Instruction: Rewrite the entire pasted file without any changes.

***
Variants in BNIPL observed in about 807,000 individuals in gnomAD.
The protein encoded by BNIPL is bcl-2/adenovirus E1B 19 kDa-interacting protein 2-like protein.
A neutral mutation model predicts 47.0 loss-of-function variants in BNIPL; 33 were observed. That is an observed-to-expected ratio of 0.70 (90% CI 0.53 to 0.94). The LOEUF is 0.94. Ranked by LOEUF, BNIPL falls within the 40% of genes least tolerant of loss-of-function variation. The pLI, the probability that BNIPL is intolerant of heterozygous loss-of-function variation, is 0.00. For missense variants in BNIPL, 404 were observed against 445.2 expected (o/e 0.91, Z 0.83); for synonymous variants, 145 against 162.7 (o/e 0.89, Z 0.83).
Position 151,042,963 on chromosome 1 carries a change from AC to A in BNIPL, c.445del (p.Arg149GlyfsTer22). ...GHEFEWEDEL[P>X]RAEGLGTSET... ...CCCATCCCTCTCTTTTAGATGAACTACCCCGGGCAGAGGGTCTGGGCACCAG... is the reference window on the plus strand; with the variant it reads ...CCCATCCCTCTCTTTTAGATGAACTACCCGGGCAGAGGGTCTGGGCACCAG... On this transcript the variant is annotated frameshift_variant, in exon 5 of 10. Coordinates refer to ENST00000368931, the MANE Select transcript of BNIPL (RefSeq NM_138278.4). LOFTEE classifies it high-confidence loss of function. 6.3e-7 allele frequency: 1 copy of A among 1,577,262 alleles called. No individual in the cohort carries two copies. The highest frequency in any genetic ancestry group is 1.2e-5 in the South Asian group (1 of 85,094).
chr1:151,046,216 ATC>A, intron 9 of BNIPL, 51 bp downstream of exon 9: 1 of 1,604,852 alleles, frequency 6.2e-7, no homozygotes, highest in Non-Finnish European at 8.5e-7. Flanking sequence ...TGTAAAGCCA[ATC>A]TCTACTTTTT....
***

Variants in BNIPL observed in about 807,000 individuals in gnomAD.
The protein encoded by BNIPL is bcl-2/adenovirus E1B 19 kDa-interacting protein 2-like protein.
A neutral mutation model predicts 47.0 loss-of-function variants in BNIPL; 33 were observed. That is an observed-to-expected ratio of 0.70 (90% CI 0.53 to 0.94). The LOEUF is 0.94. Ranked by LOEUF, BNIPL falls within the 40% of genes least tolerant of loss-of-function variation. The pLI, the probability that BNIPL is intolerant of heterozygous loss-of-function variation, is 0.00. For missense variants in BNIPL, 404 were observed against 445.2 expected (o/e 0.91, Z 0.83); for synonymous variants, 145 against 162.7 (o/e 0.89, Z 0.83).
Position 151,042,963 on chromosome 1 carries a change from AC to A in BNIPL, c.445del (p.Arg149GlyfsTer22). ...GHEFEWEDEL[P>X]RAEGLGTSET... ...CCCATCCCTCTCTTTTAGATGAACTACCCCGGGCAGAGGGTCTGGGCACCAG... is the reference window on the plus strand; with the variant it reads ...CCCATCCCTCTCTTTTAGATGAACTACCCGGGCAGAGGGTCTGGGCACCAG... On this transcript the variant is annotated frameshift_variant, in exon 5 of 10. Coordinates refer to ENST00000368931, the MANE Select transcript of BNIPL (RefSeq NM_138278.4). LOFTEE classifies it high-confidence loss of function. 6.3e-7 allele frequency: 1 copy of A among 1,577,262 alleles called. No individual in the cohort carries two copies. The highest frequency in any genetic ancestry group is 1.2e-5 in the South Asian group (1 of 85,094).
chr1:151,046,216 ATC>A, intron 9 of BNIPL, 51 bp downstream of exon 9: 1 of 1,604,852 alleles, frequency 6.2e-7, no homozygotes, highest in Non-Finnish European at 8.5e-7. Flanking sequence ...TGTAAAGCCA[ATC>A]TCTACTTTTT....